Location: Mount Desert Island, Maine
Project Team: Britney McCollem, Shannara Gilman, Rachel Sisson, Eliza Bishop, Elena Piekut, Danielle Byrd, Erika Flynn
Participating Artists: Danielle Byrd, Rachel Sisson, Darcy Whitten, Kat Jepson, Katie Dube, Justine Ortolf, Nina Wish, Tony Mullane, Chris Doyle, David Palazola, Tyler Weeks, Mylan MacAlevy, Nina Donghia, Pete Cuffari, Zach Soares, Caleb Davis, Annika Earley, Elena Piekut, students of MDES, Kathryn Hansis, Kelsey Taylor
545 & Co. // Rabbit, Rabbit Exhibitions – The Mount Desert Island area is home to hundreds of dedicated working artists: painters, actors, woodworkers, musicians, photographers, printmakers, poets, and filmmakers, to name a few. 545 & Co. is supporting our artists by organizing art shows, screenings, workshops, concerts, plays, and readings. Our inaugural event begins a series of art shows on the first of every month, which we’re calling Rabbit, Rabbit, after the old British superstition that for good luck, one should say “Rabbit, Rabbit” upon waking up on the first day of the month. Our larger goal is restore and renovate an old building, in order to offer artists’ studios, classrooms, equipment, and gallery and event space.
How are you making Maine a better place for young people?
I myself am not making Maine a better place for young people. I am giving young people the opportunity to make Maine a better place for themselves, and for their community. Since moving to Mount Desert Island in 2006, I knew at once that this place was undeniably, unmistakably unique. However, the seasonal nature of the town, as well as the local College of the Atlantic, makes for a transitory youth population. Many want to stay year-round, and many have skills and ambition to offer, but few are able to find the economic stability. I have met more talented, inspiring people on this island, and in this state, than I could even begin to count, but have seen the majority of them move – to New York, to Boston, to San Francisco, to Portland – where an established community of artists and musicians already exists. Last year, I followed suit and moved to Boston, lamenting that fact that Mount Desert Island could never be a mecca for young artists. Of course, Boston offered everything I could have wanted – any kind of music whenever I wanted to hear it, an abundance of artists to collaborate with, galleries at every turn, performances in the streets – but I just wasn’t happy. Within 9 months, I was back in Bar Harbor. Homeless, yes. But happy.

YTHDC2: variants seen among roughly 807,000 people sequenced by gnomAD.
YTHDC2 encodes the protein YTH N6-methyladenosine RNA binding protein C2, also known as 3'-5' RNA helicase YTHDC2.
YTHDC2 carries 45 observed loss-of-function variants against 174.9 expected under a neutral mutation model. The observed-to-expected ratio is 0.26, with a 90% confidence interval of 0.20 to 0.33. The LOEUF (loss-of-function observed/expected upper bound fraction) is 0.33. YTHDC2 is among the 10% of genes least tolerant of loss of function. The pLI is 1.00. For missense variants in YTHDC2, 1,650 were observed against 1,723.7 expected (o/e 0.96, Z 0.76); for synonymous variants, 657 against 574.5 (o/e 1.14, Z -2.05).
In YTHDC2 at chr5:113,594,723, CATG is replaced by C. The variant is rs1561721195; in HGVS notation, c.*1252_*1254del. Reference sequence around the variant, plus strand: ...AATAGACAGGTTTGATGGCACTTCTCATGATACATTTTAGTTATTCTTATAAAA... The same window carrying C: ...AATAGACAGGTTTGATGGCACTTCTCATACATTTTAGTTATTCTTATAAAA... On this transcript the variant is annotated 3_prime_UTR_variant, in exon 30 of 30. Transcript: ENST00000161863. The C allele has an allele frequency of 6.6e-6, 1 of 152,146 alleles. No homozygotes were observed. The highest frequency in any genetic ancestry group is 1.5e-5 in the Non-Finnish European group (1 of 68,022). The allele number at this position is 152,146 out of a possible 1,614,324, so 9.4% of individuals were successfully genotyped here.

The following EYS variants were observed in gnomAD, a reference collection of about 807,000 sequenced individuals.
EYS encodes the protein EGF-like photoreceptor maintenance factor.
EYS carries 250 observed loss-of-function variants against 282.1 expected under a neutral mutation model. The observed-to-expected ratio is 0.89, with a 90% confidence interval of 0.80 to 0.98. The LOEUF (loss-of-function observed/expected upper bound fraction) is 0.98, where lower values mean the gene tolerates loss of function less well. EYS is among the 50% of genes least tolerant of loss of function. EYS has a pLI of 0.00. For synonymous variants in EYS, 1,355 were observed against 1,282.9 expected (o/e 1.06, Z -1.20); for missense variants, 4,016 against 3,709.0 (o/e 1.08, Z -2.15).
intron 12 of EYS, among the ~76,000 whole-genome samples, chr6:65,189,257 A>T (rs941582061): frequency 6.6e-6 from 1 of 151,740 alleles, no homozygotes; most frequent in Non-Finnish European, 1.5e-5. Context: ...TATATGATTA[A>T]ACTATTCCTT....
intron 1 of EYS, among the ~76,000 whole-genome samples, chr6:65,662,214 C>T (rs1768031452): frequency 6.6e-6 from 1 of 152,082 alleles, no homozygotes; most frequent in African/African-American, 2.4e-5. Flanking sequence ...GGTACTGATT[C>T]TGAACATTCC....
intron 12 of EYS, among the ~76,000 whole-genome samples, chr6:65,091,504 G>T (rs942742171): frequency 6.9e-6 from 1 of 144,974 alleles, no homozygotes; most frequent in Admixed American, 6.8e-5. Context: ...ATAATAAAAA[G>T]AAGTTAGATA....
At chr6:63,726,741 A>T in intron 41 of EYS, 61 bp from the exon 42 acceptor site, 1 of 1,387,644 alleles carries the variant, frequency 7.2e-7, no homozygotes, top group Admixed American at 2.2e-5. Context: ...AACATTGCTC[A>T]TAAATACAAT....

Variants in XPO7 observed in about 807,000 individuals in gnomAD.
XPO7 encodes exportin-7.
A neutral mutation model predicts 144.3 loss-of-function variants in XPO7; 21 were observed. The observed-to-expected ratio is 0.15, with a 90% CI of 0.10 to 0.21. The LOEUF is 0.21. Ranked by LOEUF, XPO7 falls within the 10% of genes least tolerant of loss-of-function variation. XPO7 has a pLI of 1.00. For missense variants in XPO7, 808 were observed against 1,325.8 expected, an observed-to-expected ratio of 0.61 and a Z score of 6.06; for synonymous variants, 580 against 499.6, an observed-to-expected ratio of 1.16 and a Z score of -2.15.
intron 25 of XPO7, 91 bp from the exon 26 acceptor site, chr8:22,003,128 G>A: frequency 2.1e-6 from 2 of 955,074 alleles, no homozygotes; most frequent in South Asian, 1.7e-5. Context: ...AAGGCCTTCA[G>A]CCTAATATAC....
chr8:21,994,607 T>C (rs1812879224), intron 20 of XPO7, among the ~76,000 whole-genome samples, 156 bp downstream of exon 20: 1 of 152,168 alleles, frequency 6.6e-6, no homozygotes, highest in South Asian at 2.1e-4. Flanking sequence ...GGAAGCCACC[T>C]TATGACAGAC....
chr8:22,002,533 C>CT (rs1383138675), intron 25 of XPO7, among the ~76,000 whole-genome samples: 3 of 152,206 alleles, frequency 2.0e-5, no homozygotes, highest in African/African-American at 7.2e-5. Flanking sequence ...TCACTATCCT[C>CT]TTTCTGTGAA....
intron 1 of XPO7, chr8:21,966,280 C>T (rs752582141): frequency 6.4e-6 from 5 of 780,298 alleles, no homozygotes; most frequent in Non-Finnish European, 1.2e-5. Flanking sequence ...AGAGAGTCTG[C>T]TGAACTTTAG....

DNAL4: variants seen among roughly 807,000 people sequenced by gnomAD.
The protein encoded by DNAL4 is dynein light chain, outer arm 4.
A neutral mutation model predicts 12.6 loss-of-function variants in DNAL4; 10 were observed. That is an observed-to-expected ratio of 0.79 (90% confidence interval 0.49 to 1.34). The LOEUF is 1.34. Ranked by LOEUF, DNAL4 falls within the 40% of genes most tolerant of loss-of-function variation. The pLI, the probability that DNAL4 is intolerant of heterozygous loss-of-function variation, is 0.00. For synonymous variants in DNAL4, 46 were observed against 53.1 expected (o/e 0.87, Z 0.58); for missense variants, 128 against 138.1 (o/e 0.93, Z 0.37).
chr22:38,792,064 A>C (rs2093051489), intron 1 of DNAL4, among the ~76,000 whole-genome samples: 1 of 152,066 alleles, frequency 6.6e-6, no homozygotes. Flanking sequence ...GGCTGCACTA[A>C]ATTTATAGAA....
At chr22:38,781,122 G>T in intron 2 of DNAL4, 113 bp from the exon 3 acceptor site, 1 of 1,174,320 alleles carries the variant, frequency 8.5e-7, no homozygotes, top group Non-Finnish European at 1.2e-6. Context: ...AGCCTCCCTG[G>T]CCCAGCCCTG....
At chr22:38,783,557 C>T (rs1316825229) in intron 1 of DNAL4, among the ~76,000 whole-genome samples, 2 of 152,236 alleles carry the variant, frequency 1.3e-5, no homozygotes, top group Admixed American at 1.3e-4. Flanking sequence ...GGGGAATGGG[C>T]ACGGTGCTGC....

Soon after, with a small, dedicated group of ladies, the generosity of local businesses, and a whole bunch of anxious, excited artists, 545 & Co. was born, with two pairs of rabbit ears.
What challenges in your community are you addressing?